Bivalent BNT162b2 and the future directions of COVID-19 vaccination


Professor Stephen J. Thomas, MD

Professor of Medicine, Microbiology & Immunology
Frank E. Young, MD '56 and Leanne Young Endowed Chair of Microbiology and Immunology,
Institute for Global Health and Translational Science,

SUNY Upstate Medical University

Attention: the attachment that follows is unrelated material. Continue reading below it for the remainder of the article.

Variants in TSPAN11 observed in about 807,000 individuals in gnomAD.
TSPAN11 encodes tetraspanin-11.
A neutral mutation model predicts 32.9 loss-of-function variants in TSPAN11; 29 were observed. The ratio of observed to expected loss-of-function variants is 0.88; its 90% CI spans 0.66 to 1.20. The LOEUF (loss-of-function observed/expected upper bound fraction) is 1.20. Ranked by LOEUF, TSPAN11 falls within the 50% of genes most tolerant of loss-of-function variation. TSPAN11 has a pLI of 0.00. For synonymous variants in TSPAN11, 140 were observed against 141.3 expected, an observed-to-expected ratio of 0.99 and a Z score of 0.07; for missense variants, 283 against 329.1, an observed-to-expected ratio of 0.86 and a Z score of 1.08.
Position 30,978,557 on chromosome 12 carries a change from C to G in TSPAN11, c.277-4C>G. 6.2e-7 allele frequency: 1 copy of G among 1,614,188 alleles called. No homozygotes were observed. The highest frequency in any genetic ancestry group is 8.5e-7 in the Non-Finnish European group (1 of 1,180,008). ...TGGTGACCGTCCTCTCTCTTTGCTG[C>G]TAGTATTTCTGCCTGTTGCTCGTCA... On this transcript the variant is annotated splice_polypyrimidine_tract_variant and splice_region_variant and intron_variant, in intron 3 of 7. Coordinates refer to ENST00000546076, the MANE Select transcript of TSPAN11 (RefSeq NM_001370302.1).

Since early March 2023 when COVID-19 restriction measures in Hong Kong were abated, a resurgence of local cases, caused predominantly by Omicron XBB and its descendant lineages, has been observed.1,2 Given the enduring threat of COVID-19 infection and long COVID, vaccination remains the key prevention strategy to safeguard public health, particularly the high risk group.  In a recent interview with Omnihealth Practice, Prof. Thomas, Professor of Microbiology and Immunology in SUNY Upstate Medical University, shared his insights on the effectiveness of the new bivalent BNT162b2 vaccine (original/BA.4-5 strains) and the future global vaccination strategies in response to the emerging SARS-CoV-2 variants.

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